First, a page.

Wednesday, August 28, 2013

The Abaco Barb

 During the time of the Spanish exploration of the New World, many Caribbean islands were used for the sole purpose of breeding cavalry, work, and saddle horses. Some researchers believe that not all of horses made it to the chosen destinations and were shipwrecked on the island of Abaco, located in the Bahamas, while others think that horses were taken there by a Cuban logging company in the late 1800s and later abandoned for some reason or another. Either way, the horses have remained there for perhaps over a century, untainted by human influence.

 Throughout the centuries, they have adapted well to the climate, finding both protection and forage in lush pine forests. With no natural predators, they multiplied almost exponentially and began to thrive, becoming a large herd, probably 200 hundred strong, that roamed pine forests and beaches, the sea wind in their face. They were free. Yet all that changed during the twentieth century. People began settling on Great Abaco, the main island of the group, and took advantage all natural resources. That included the feral equines.

 During the '60s, a road, stretching from one end of Abaco to the other, was made. Often, people would chase horses down the road until it collapsed from exhaustion or was roped by a man waiting at the side of the road. Legends about the horses and there tragic endings began to arise.

  Things became even worse for the horses when a young child climbed upon the back of one of the horses, getting killed as the equine bolted in fright. A bloodbath followed. Villagers, angry at the death of the child, slaughtered over a hundred horses, leaving only three horses, which were taken to a cattle farm by other residents, alive. once their numbers increased to 12, they were released. Thirty years later, in 1992, their numbers increased to a small band of thirty-five horses. But that didn't last. By '97, the number soon plummeted to seventeen, with many dying from pesticides, lack of medical attention, and mortal wounds inflicted by both humans and dogs alike.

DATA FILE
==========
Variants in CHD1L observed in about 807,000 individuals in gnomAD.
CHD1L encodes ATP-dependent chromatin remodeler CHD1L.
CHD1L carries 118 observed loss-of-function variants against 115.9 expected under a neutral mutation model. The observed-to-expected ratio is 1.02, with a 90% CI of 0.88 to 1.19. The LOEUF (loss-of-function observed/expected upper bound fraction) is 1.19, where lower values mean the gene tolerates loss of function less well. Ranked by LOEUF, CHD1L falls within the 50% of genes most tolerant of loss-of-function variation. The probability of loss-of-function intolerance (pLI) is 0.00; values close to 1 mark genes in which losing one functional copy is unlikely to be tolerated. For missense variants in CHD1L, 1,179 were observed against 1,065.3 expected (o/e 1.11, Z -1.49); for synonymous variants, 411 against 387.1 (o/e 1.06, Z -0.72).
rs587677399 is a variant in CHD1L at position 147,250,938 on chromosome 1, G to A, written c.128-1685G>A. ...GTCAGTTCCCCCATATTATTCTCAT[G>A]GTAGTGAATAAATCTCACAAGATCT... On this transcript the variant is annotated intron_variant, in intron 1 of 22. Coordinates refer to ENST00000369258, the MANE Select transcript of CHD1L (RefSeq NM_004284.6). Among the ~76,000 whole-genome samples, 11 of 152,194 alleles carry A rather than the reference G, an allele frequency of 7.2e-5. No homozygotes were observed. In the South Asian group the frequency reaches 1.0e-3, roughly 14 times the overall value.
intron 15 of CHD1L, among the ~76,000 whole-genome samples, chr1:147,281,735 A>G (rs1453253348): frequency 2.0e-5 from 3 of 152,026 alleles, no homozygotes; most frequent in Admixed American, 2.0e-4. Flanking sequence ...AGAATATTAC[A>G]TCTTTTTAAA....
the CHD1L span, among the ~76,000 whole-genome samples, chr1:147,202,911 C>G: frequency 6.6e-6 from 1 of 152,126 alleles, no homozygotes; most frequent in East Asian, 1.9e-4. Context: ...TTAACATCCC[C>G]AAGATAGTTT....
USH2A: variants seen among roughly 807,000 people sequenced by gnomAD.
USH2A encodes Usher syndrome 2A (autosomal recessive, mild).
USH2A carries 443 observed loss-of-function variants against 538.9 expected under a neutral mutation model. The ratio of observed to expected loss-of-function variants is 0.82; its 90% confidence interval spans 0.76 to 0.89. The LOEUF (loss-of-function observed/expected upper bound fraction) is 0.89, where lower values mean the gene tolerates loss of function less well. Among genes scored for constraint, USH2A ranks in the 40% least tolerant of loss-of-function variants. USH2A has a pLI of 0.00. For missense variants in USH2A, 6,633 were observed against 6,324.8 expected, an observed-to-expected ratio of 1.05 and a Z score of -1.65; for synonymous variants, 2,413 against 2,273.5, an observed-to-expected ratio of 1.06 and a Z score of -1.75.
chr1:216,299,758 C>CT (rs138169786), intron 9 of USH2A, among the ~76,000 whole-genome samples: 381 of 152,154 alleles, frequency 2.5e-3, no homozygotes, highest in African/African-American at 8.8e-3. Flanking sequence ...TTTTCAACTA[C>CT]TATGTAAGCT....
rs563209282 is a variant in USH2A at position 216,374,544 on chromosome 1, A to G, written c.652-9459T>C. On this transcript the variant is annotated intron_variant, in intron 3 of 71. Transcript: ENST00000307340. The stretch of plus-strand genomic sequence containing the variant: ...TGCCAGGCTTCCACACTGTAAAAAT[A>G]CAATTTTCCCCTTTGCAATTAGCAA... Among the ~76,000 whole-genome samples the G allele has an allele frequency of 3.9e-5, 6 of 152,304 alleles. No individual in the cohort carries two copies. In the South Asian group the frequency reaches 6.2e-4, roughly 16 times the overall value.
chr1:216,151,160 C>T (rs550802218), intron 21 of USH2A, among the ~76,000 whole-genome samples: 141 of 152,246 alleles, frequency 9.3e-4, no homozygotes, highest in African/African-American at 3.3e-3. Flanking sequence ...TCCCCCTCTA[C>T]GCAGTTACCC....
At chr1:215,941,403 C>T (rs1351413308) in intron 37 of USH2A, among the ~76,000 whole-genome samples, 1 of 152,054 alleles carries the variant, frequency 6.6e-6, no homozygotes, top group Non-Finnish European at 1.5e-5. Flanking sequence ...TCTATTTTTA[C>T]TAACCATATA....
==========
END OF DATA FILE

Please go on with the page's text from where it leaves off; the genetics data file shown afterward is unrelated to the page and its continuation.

After hurricane Floyd, the horses returned to the farm. Yet something was not right. Four years passed, and not a single horse was born. One organization---Wild Horses of Abaco Preservation Society(WHOA)---has been working hard since 1992 to save the rare, endangered breed by publicizing their dilemma. In 2004, WHOA brought the remaining horses to Treasure Cay, Abaco, where a large piece of land given to them by the Bahamian Government was used as a sanctuary. Today, only five horses remain, and there have been no reproductions since 1998. WHOA plans on sending the horses to a University in the US to see why they are not reproducing. For the time being, WHOA runs on private donations, yet it is running out of funds.
Abaco Barbs are the world's most endangered breed.

 In 2002, scientists tested the DNA, finding that the native horses were related to the original stock of Barbs brought to America from the Barbary coast.  The breed was therefore named "Abaco Barb" and was added to the Horses of the Americas registry.

 Abaco Barbs stand 13.2 to 14.2 hands high, and are small, sturdy, and compact with strong legs and white patches underneath their bodies. Their hooves were once tough, yet pesticide have weakened them. Because they have had so long to adapt, they are nimble, surefooted, and have a lot of endurance.

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